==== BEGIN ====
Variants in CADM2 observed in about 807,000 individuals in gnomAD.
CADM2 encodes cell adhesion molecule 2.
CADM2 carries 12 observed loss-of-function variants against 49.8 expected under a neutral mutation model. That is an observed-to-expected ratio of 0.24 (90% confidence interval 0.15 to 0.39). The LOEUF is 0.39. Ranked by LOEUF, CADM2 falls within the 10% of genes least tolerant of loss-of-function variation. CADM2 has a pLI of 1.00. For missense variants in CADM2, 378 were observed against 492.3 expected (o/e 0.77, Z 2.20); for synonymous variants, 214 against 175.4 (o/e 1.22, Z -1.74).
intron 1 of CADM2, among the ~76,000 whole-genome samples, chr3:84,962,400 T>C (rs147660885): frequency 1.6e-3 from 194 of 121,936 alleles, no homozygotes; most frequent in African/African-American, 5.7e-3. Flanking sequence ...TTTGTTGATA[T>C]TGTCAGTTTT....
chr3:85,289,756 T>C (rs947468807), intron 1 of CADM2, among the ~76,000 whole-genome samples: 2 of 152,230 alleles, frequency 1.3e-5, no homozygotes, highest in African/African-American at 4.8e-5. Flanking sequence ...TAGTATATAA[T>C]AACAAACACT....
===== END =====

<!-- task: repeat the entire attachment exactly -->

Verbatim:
Variants in CADM2 observed in about 807,000 individuals in gnomAD.
CADM2 encodes cell adhesion molecule 2.
CADM2 carries 12 observed loss-of-function variants against 49.8 expected under a neutral mutation model. That is an observed-to-expected ratio of 0.24 (90% confidence interval 0.15 to 0.39). The LOEUF is 0.39. Ranked by LOEUF, CADM2 falls within the 10% of genes least tolerant of loss-of-function variation. CADM2 has a pLI of 1.00. For missense variants in CADM2, 378 were observed against 492.3 expected (o/e 0.77, Z 2.20); for synonymous variants, 214 against 175.4 (o/e 1.22, Z -1.74).
intron 1 of CADM2, among the ~76,000 whole-genome samples, chr3:84,962,400 T>C (rs147660885): frequency 1.6e-3 from 194 of 121,936 alleles, no homozygotes; most frequent in African/African-American, 5.7e-3. Flanking sequence ...TTTGTTGATA[T>C]TGTCAGTTTT....
chr3:85,289,756 T>C (rs947468807), intron 1 of CADM2, among the ~76,000 whole-genome samples: 2 of 152,230 alleles, frequency 1.3e-5, no homozygotes, highest in African/African-American at 4.8e-5. Flanking sequence ...TAGTATATAA[T>C]AACAAACACT....